Sanitation. As in “Medicine saves lives”. (but not as you expect)

The value of sanitation at reducing child mortality in many low income countries has been substantially underestimated according to recent research.

A study by Prof Paul Hunter from the University of East Anglia (UEA) and Dr Annette Prüss-Ustün from The World Health Organization concludes that vital health benefits of access to sanitation facilities such as latrines will only be seen once a certain level of coverage across a community is achieved.

Prof Hunter said: “The provision of sanitation is undoubtedly one of the most important public health advances of recent times, and has become a key objective in the United Nations Sustainable Development Goals. However recent trials of sanitation interventions have failed to demonstrate a significant reduction in rates of childhood diarrhoea, one of the biggest killers of children under two years old”.

The study suggests that the health benefits from better sanitation differ from other similar public health interventions such as improved drinking water in that the benefit is for the community not the individual user. Prof Hunter warns that other studies into the impact of sanitation that focus only on individuals’ use of improved facilities rather than the wider community coverage, are likely to severely underestimate the impact of better sanitation.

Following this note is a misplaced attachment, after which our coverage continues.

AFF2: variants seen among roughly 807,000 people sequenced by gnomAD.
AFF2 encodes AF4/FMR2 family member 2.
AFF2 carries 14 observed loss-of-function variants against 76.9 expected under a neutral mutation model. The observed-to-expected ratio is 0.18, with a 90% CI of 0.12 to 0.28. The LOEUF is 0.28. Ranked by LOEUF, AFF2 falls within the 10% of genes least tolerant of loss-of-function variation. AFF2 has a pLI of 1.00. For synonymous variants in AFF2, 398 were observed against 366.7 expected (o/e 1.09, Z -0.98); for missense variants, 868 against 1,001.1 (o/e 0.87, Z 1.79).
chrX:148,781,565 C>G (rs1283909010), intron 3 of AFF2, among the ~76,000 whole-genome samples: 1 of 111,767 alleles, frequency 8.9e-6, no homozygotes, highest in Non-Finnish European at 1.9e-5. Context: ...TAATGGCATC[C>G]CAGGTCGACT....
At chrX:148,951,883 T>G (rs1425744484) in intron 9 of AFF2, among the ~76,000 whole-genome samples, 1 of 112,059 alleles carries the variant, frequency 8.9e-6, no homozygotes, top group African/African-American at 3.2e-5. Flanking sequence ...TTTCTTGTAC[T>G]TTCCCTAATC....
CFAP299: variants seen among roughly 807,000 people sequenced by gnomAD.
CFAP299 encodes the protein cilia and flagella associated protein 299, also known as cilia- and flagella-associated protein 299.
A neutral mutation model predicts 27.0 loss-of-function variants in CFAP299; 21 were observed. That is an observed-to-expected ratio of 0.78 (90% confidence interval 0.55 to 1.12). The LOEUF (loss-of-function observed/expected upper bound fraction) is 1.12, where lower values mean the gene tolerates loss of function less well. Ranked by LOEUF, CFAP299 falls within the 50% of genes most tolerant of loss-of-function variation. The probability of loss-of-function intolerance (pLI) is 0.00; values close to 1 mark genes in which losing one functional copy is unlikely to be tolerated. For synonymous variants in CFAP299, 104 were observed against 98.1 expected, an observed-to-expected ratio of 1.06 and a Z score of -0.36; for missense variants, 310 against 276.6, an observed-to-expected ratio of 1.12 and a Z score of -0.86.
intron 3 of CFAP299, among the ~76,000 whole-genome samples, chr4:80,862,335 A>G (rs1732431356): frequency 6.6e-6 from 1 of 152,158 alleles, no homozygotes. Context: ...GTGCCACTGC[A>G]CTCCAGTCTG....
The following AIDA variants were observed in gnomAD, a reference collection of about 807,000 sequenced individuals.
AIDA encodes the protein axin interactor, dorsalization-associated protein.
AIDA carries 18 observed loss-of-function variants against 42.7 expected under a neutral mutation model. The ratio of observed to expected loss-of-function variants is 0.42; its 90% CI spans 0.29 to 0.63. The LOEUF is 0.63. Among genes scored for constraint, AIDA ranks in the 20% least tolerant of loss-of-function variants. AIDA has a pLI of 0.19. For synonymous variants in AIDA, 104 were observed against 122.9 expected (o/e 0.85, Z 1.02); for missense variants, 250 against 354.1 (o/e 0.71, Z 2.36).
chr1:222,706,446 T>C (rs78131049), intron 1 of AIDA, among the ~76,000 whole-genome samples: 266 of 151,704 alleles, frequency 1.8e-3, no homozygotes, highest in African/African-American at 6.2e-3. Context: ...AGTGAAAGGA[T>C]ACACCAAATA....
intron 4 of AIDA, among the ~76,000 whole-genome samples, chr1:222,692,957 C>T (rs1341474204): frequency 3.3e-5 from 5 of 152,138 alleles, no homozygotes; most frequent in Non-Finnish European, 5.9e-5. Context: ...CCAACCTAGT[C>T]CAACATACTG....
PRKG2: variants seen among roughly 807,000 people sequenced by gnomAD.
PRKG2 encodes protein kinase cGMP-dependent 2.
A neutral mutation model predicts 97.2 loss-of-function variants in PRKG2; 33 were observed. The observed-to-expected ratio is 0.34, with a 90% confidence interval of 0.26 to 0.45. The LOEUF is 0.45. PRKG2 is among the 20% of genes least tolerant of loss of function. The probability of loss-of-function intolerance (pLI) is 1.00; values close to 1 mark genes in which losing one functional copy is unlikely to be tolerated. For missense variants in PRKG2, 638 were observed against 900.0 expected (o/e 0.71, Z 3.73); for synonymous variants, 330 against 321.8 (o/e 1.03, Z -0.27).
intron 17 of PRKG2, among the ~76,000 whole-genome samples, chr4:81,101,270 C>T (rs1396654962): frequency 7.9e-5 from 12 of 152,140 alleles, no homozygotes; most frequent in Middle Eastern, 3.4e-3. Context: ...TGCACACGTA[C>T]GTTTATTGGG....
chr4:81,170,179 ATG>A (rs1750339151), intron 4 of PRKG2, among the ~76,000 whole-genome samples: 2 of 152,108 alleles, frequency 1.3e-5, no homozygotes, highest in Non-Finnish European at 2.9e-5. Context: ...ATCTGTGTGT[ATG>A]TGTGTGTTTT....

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“Improved sanitation appears to be one of the most effective way to reducing childhood mortality from conditions like diarrhoea”, said Prof Hunter, “but only if high levels of community coverage are achieved. (1)

Is this medicine?

No. It is common logic.

Is it high end technological progress?

No. It is something even “primitive” people know when living in small tribes.

We fancy looking ourselves as progressed and yet all of our civilization is based on overestimated tools which offer nothing more than the obvious. And sometimes they even hide it from clear view. We all believe that medicine saves lives through complicated high-end innovations. But it is the simple things which make the difference. Things so simple as “clean up this shit”…

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